Monthly Archives: May 2007
Expanded Gaming, Deferred Maintenance Main Stories for the 2007 Legislative Session
Unlike recent sessions that have been focused almost exclusively on K-12 education, there was not a single overriding issue dominating the 2007 Kansas legislative session. The 2007 session tackled a variety of issues, with the biggest being expanded gaming and deferred maintenance.
A bill officially giving Kansans the opportunity to vote for expanded gaming in their communities was by far the most-hotly debated issue this session. Senate Bill 66, which was passed by the House and Senate in the final days of the 2007 regular session and signed into law by Governor Sebelius last month, will allow Wyandotte County, Crawford and Cherokee counties, Sedgwick and Sumner counties, and Ford County to vote whether they want a destination casino. Additional locations throughout the state will also get to vote whether to allow slot machines at currently-operated race tracks. When casinos and slots are in full operation, the State of Kansas should receive approximately $225 million per year in additional revenue. Two percent of the revenue generated from gaming, nearly $17 million per year, will be devoted to funding addiction programs.
The other big story was the deferred maintenance backlog for the Regents universities. The House and Senate approved a multi-year plan to provide $410 million for repairs and upkeep to the state’s universities, community colleges, vocational and technical schools and Washburn University. The plan also puts into place new accountability measures to prevent future maintenance backlogs. Funding for the repairs will come from a combination of newly allocated state funds, tax credits, and state-issued bonds.
There were other notable accomplishments for the 2007 session as well. With regards to taxes, the Legislature passed a package of homestead property tax relief and state income tax cuts that will benefit senior citizens and low-income working families. Unemployment benefits were improved for working families struggling with transitions between jobs. In addition, several thousand Kansas businesses will benefit from significant cuts to the unemployment tax and the gradual phase-out of the franchise tax.
The FY 2008 budget attends to the needs of seniors and the disabled who need in-home services and attempts to increase the wages paid to direct care workers who care for the disabled. Nearly $10 million has been to reduce waiting lists presently existing for home health services for older Kansans and those with disabilities. These services help the neediest Kansans stay in their own homes instead of assisted living homes. Independent Living Centers were also allocated an additional $450,000 to help Kansas senior citizens. Greater attention will also be paid to early childhood development and services for victims of sexual and domestic violence in underserved parts of the state.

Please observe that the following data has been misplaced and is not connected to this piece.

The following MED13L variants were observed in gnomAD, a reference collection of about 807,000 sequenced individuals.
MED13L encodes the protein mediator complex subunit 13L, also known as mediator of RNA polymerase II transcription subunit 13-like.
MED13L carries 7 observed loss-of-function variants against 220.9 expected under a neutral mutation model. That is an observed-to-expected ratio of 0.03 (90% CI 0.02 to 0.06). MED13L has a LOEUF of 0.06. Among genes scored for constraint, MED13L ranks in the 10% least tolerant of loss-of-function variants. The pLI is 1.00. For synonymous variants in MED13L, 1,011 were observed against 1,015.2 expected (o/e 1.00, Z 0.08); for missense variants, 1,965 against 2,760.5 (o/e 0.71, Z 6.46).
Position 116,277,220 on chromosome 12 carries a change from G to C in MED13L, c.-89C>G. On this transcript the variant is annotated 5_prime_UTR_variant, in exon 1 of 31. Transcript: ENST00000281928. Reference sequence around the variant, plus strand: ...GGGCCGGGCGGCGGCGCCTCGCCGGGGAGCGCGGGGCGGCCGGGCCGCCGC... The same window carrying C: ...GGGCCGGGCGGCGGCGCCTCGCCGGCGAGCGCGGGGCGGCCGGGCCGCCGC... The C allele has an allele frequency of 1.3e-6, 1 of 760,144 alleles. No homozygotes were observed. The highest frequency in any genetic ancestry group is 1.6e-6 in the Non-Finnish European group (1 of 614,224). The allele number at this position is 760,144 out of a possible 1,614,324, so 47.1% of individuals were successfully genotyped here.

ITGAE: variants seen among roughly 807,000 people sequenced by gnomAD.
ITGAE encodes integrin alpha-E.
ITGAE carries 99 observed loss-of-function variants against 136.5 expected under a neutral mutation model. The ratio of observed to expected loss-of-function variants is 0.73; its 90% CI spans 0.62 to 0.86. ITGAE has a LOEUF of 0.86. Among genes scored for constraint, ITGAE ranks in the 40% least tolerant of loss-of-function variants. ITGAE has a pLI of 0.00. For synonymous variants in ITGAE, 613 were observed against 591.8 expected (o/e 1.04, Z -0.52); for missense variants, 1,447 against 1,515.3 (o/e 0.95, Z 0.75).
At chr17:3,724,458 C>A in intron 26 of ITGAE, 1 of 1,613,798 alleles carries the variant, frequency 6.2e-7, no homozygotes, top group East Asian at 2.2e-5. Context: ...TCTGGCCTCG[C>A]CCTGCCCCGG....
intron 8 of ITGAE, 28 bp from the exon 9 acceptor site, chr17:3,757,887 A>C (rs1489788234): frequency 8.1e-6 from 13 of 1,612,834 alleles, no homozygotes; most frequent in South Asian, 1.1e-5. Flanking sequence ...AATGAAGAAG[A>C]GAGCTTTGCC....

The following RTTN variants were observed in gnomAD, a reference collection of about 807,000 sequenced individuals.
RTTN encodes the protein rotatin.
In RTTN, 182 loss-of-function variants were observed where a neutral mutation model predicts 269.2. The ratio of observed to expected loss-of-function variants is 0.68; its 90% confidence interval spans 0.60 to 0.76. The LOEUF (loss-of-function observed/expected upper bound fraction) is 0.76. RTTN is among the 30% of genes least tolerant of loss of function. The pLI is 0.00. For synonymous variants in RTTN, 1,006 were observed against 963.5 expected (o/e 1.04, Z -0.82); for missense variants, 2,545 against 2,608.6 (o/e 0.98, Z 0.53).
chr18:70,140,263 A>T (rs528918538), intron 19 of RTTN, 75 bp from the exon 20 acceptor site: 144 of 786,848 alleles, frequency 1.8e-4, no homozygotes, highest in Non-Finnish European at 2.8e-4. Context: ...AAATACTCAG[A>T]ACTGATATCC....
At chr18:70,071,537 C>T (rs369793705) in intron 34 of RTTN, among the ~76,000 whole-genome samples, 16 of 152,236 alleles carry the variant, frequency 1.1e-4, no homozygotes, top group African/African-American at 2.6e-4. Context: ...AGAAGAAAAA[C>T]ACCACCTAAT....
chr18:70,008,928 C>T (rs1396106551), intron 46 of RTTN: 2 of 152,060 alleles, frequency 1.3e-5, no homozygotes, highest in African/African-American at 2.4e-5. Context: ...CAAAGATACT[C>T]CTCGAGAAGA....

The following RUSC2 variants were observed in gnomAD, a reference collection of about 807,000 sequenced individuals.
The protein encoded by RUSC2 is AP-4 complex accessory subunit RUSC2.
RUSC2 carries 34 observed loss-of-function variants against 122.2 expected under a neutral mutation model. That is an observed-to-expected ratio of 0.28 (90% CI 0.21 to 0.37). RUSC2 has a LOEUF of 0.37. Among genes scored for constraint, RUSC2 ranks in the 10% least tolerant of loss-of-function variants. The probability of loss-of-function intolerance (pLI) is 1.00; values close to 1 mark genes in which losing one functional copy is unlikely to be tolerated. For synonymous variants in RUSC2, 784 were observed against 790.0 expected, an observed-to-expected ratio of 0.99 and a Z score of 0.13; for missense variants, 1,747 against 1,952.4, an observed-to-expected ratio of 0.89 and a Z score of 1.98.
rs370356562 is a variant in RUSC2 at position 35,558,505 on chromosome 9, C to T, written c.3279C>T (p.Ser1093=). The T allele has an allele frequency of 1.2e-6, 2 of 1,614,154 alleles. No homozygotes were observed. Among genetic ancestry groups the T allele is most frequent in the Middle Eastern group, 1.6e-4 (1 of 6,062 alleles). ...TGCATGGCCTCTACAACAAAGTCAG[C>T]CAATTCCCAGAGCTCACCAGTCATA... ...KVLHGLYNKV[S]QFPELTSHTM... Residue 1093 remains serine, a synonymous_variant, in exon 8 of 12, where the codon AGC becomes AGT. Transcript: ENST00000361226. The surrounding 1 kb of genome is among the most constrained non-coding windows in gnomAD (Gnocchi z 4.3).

Some encouraging gains were also made in the area of health coverage. During the veto session, members of the legislature were finally able to consider a number of health care items that had been put off the entire session. The new health reform policy puts into motion several initiatives to help provide affordable health coverage to all Kansans. A Small Business Association Assistance Plan provides seed money to small businesses to form associations that provide quality health care plans. This assistance will give small businesses owners a tool to work together to create health insurance pools to lower risk and costs. Another initiative, the Premium Assistance Program, rewards working Kansans struggling to afford needed health coverage. Eligible Kansans will receive private insurance for both parents and children, and the program will help families access health care services through a “medical home.” In the first 2 years of the program, a family of four with an annual income of $10,325 or less will be eligible. In year 3, eligibility will extend to families with incomes up to 75 percent of the federal poverty level, equivalent to an annual income of $15,488 or less for a family of 4. In year four, eligibility will extend to families with incomes up to 100 percent of the federal poverty level, equivalent to an annual income of $20,650 for a family of four.
All in all, the 2007 legislative session saw a number of advancements on several fronts. One significant downside to the FY 2008 budget, however, was the fact that state spending will exceed revenues by approximately half a billion dollars. A big challenge for the 2008 legislative session will be to ensure that the state does not end up in the same precarious financial position back in 2002.
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